The reason why Jan Vekemans, the “Founding Father” of 1Patient1Record4Belgium, started the movement is closely linked to his own story as a patient. About 3.5 years ago, he was diagnosed with cancer. As he wanted a second opinion, he had to find his medical records. Or at least he tried…
Not a centralized location
After the diagnosis, Jan wanted to be sure if it was true that he had cancer and asked for a second opinion. When he went to get his data, things went wrong. He had to go to different hospitals to retrieve parts of his file. In fact, he even had to ask his 80-year-old mother exactly which hospitals he had been to, simply because the data was not readily available and accessible.
Eventually, Jan gathered his medical information by requesting it from 4 different places. And don’t think that all the data was available in digital form. He received his documents in paper format but only from a few places. In other words: a huge amount of data is collected in Belgium, but the collected data is stored. So good stored that it’s hard to find them…
Not an exceptional case
The impossibility of finding – or rather the unavailability – of all his medical data seemed at first to be an exceptional case. But after some research the opposite turned out to be true, for many people also getting their medical data is a daunting task. And this while this information should always be visible everywhere.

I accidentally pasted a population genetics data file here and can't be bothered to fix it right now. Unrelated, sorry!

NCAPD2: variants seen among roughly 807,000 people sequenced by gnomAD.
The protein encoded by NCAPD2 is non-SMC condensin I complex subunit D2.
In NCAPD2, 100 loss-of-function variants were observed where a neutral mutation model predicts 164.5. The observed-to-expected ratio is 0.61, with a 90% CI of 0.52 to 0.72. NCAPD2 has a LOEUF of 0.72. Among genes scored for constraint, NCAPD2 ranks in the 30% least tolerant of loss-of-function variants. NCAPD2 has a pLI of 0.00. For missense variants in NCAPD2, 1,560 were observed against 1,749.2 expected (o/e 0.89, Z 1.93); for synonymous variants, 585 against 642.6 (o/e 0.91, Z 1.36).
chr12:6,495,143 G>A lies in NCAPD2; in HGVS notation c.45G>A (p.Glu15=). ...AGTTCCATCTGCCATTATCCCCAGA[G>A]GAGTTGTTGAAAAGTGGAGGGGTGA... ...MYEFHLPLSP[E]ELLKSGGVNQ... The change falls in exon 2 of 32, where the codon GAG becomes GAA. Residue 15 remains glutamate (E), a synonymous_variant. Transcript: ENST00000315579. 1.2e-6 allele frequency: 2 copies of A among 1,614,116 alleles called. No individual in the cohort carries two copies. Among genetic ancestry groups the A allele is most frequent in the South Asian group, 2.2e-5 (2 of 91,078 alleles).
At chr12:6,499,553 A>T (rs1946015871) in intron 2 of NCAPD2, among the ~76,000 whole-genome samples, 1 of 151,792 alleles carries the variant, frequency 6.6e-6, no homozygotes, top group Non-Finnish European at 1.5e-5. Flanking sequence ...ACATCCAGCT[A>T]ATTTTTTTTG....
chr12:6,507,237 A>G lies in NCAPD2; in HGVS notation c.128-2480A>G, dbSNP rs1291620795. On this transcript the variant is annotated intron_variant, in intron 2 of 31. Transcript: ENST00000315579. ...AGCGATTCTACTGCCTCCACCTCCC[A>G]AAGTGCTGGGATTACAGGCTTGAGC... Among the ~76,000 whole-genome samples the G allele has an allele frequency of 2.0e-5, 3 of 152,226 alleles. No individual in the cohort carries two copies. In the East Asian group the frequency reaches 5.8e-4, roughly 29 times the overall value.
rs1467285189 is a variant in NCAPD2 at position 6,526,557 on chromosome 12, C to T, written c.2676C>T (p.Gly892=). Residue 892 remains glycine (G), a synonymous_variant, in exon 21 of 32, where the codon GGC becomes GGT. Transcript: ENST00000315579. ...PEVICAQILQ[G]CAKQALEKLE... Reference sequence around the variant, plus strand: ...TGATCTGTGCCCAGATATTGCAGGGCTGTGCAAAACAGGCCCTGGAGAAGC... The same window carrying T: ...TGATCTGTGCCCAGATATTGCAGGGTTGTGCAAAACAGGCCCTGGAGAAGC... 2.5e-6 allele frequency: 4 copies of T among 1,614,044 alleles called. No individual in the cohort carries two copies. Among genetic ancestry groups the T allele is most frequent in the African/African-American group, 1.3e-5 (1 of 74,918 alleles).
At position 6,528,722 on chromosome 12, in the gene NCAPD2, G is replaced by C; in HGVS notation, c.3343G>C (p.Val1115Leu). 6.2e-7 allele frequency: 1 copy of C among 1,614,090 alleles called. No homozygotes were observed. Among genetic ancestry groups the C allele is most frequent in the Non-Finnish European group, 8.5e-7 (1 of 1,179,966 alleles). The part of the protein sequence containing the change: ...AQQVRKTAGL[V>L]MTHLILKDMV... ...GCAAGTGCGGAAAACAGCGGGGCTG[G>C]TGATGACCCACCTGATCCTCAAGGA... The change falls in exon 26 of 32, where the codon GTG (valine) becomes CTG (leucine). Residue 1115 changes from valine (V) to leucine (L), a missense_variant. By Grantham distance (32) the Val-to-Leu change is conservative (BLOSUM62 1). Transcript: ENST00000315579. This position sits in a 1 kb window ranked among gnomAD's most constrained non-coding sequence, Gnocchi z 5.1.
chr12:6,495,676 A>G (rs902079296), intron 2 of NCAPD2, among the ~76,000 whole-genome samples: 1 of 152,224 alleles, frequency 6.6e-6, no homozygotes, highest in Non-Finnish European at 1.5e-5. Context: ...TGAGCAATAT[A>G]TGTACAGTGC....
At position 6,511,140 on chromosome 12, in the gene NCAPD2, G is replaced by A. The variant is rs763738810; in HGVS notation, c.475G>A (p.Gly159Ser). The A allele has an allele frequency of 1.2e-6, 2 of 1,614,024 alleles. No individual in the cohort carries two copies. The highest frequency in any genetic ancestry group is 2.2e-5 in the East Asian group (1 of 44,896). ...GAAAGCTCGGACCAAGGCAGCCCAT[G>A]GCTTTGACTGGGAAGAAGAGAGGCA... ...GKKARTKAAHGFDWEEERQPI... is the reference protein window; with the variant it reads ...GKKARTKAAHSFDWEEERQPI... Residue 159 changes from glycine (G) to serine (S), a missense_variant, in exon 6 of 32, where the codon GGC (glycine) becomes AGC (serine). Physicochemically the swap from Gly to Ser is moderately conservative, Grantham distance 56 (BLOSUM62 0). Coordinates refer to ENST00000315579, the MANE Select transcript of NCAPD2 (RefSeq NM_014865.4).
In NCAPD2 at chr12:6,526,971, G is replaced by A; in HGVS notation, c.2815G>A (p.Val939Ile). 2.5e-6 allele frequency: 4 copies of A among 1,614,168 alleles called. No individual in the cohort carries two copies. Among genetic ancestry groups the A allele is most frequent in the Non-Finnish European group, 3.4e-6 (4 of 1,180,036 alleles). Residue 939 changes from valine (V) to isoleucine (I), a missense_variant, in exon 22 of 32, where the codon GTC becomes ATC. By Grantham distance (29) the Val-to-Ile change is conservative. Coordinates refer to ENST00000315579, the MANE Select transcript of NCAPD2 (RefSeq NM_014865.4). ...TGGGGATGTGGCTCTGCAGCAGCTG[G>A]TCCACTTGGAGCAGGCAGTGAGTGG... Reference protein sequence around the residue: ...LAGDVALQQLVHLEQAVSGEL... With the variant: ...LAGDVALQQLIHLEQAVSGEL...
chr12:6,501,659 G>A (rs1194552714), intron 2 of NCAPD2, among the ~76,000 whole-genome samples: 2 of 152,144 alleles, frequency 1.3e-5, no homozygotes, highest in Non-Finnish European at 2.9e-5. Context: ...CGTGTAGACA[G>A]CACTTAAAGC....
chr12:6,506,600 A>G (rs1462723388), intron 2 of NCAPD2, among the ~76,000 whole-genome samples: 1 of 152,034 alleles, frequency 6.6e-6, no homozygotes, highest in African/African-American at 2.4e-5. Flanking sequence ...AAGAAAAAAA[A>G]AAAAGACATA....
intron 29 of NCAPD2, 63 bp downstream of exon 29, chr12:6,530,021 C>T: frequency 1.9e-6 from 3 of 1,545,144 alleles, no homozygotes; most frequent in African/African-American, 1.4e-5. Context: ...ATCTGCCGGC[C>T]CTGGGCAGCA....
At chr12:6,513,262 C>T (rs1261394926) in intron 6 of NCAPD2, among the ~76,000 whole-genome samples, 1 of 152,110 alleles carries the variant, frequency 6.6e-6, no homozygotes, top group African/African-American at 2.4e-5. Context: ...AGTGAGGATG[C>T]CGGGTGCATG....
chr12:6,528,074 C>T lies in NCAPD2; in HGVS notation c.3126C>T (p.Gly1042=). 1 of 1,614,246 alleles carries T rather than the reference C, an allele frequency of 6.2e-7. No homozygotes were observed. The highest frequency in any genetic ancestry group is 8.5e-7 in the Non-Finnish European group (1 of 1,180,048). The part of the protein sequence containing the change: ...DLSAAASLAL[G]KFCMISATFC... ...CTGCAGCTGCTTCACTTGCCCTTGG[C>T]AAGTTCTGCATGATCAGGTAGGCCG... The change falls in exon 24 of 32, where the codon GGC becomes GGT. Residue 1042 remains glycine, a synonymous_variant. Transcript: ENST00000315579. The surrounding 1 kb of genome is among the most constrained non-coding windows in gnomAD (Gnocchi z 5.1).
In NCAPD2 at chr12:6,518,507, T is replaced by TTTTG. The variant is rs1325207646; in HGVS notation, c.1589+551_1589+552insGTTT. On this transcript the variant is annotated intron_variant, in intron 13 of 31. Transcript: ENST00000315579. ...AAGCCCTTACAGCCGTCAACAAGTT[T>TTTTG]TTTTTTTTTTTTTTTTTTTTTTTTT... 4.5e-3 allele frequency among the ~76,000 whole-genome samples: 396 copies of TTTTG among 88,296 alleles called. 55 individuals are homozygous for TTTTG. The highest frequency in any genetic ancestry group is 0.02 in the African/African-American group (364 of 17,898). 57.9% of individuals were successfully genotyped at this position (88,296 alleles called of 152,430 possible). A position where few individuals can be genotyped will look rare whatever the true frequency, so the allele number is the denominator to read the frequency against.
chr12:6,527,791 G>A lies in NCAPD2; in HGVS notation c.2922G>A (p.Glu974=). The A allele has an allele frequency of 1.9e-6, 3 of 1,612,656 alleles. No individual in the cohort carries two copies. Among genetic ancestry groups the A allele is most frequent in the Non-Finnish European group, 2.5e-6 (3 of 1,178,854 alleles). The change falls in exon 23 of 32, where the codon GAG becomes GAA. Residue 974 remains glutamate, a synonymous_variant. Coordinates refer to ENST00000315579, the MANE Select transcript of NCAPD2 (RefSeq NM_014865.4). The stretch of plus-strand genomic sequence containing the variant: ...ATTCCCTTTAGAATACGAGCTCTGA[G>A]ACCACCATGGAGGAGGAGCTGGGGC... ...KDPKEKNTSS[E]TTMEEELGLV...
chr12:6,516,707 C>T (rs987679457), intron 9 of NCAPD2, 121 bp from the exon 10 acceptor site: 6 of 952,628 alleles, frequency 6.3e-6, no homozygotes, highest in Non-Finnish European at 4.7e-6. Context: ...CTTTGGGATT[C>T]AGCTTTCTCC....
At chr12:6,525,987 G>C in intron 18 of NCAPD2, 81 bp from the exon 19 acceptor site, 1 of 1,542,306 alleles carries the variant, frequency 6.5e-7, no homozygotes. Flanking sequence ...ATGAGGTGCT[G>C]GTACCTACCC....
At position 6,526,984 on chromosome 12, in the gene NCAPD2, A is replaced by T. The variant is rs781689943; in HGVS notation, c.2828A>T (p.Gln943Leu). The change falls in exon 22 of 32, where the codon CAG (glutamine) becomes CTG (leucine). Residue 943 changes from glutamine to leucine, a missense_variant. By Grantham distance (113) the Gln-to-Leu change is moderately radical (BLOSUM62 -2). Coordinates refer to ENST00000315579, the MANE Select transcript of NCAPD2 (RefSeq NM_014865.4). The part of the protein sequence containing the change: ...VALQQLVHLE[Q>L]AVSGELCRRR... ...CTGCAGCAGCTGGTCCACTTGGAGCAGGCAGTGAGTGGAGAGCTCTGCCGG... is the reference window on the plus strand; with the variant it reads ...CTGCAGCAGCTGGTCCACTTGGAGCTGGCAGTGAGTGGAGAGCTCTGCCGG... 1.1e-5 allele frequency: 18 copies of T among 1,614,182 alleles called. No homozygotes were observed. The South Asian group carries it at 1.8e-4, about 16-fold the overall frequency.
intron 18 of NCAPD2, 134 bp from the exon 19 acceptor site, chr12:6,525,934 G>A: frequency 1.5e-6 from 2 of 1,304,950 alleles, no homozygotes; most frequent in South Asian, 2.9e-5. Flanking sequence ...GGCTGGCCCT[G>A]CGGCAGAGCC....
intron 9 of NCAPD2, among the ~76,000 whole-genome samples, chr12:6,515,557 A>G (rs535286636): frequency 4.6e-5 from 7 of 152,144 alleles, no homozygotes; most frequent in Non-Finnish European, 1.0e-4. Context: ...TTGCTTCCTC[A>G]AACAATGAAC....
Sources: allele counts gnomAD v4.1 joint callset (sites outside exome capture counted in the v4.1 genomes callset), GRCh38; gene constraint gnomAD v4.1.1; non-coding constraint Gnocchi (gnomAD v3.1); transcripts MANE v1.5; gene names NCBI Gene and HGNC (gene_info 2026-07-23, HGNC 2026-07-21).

How can you properly help a patient if you can’t access the data?
After Jan started talking to Gabry Kuijten, initiator and coordinator of My Cancer Navigator, it became increasingly clear where things were wrong. This has also been proven through testimonials and experience with the 1Patient1Record4Belgium community, which now consists of thousands of people.
The conclusion? In fact, nothing happens. The systems are there. The data is there. However, access to this data is very difficult. The solution is not to store a folder containing all the data but facilitating access to a patient’s data must be the priority. And this where and when the patient needs it.
Visible anytime, anywhere
You should always look where and when what data is needed. Then this information must be available. You might actually decide that you should have the data accessible at the patient’s location. The data must follow the patient. The latter must be able to regulate access to this data so that a doctor who needs it can consult it. Or so that when a clinical trial is going on when the patient feels it is worth allowing the data, it will be shared.
Conversely, some reports are also in Dutch, so they cannot be read (correctly). It takes political courage, internal IT departments at hospitals (and others) and tech companies as well to monitor that things are done right. In the end, it is only by taking small steps, step by step that we will be able to solve this problem. Let’s do something about it. Together.
1Patient1Record4Belgium is niet mijn movement, maar dat van ons. Laten we er samen voor zorgen dat wij toegang krijgen tot onze gegevens.
Join the movement.